To fix this problem, scientists at McMaster University in Canada have developed a set of molecular probes, or "fish hooks" capable of pulling the coronavirus from those complex patient samples. This method, commonly used for sequences of ancient samples, involves "fishing out" the desired target molecules with probes that specifically attract viral genomes.
Being able to pull out and sequence the virus in a safe and cost-efficient manner is important to study viral transmission and evolution.
"We actually want to examine the differences that could potentially occur in transmission between Patient A and Patient B," says Nasir. "We need to start looking beyond that diagnosis aspect. We don’t want to just say, 'We have SARS-CoV-2,' but that 'We have this specific strain of SARS-CoV-2 from Patient B,' where it might have mutated during the transmission. We need to see the specific differences."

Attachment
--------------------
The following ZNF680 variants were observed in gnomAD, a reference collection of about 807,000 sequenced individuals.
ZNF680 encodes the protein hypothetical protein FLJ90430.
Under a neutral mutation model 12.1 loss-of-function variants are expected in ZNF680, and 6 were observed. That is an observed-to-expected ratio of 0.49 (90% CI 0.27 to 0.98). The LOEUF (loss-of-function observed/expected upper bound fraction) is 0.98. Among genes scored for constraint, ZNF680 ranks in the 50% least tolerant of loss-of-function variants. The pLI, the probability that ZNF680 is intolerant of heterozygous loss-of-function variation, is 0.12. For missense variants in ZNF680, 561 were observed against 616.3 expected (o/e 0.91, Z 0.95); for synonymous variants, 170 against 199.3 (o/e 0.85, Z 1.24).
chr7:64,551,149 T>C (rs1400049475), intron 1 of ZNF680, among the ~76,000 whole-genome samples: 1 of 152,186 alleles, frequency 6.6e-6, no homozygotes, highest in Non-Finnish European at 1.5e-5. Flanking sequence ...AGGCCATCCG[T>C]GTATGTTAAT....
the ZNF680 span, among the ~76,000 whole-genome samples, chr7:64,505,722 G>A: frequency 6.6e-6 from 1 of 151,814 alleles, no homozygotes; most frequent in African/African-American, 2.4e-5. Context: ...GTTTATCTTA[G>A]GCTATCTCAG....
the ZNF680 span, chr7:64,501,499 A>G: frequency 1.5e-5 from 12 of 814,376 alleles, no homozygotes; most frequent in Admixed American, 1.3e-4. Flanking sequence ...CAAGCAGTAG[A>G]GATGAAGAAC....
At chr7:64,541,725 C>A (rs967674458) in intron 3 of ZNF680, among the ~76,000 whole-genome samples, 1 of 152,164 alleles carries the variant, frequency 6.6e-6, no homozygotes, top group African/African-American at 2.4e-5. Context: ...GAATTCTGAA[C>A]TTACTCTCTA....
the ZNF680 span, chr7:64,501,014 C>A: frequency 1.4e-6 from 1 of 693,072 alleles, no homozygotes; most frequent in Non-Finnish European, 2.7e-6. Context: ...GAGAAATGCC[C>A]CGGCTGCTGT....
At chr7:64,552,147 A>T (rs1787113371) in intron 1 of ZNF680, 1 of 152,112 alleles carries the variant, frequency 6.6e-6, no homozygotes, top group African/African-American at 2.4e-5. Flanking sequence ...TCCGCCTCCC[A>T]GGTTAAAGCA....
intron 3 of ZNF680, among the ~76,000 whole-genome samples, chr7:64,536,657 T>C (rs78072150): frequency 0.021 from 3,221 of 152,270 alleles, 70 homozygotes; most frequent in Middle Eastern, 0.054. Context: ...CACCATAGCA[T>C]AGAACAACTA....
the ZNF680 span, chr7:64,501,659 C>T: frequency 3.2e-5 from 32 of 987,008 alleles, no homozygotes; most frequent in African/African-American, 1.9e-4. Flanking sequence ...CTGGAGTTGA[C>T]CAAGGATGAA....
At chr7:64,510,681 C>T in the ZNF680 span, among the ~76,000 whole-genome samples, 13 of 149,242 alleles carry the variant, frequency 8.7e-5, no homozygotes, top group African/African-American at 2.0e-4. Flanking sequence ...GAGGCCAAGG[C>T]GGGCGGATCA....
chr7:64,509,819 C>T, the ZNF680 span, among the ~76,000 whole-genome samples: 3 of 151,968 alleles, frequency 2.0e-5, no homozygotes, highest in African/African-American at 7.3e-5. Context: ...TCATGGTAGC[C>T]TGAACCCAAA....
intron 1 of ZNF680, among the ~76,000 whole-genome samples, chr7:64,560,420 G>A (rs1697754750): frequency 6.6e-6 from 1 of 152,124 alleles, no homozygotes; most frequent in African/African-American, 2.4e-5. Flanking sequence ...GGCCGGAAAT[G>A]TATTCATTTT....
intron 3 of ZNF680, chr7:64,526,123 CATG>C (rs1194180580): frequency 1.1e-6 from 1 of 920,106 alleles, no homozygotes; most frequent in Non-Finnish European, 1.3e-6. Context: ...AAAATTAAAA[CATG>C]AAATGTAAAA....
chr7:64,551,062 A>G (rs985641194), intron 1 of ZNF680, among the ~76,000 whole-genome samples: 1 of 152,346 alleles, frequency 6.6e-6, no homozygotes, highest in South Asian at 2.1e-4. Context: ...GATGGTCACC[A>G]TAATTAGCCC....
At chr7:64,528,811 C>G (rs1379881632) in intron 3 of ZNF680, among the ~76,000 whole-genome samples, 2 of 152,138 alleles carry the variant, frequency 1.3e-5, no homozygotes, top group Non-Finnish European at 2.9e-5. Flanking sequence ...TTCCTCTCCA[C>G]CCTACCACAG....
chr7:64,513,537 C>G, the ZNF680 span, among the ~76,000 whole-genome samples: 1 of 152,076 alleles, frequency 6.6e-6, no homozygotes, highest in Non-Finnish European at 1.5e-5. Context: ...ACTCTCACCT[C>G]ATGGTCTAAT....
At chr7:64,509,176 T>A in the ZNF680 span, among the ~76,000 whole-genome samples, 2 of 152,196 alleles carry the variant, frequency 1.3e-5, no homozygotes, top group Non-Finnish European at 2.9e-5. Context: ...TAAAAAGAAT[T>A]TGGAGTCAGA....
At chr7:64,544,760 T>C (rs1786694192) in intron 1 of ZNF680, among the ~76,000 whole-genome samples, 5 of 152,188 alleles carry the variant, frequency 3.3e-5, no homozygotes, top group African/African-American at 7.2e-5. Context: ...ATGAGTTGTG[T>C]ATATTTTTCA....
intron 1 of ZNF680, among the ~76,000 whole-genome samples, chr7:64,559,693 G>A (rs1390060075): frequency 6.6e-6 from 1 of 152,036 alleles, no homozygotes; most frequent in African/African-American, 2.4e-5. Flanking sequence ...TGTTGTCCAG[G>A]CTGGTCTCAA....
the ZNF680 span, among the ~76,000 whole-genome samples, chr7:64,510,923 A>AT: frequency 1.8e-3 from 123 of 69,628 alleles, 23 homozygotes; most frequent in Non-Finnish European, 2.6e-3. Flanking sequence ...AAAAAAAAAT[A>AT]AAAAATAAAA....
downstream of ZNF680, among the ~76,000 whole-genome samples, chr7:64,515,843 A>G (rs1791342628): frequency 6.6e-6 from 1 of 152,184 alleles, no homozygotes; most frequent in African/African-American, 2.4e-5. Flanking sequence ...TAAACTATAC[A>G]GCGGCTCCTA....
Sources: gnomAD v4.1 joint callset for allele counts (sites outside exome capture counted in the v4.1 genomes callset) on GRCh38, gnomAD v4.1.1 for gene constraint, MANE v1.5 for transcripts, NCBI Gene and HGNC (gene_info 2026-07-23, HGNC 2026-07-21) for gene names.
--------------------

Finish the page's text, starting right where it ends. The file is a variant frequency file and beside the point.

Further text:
There are three layers to the epidemiological response surrounding an outbreak. The first involves the front-line doctors and clinicians who diagnose and treat the people. The second layer, which is also the primary focus of the research community, involves finding an immediate solution — vaccines, cures, and treatments. The third layer is about surveilling the outbreak.
How fast is the virus spreading? Is it mutating and evolving as it moves from one patient to another? Are the viral strains in Italy the same as the ones in China?
These are exactly the kinds of questions that scientists working at this level are trying to answer. And, needless to say, these answers matter when formulating a global response to an outbreak. However, these questions have been difficult, risky, and expensive to answer in the past, because it requires an amount of lab work and genomic sequencing that isn't feasible for every single case.
"In this case, we have hopefully made these baits as specific as possible to SARS-CoV-2, so that the virus of interest we end up pulling is, in fact, the novel coronavirus," says Nasir.
As a PhD student in Andrew McArthur's lab, Nasir had been working on creating molecular probes for respiratory viruses for over a year.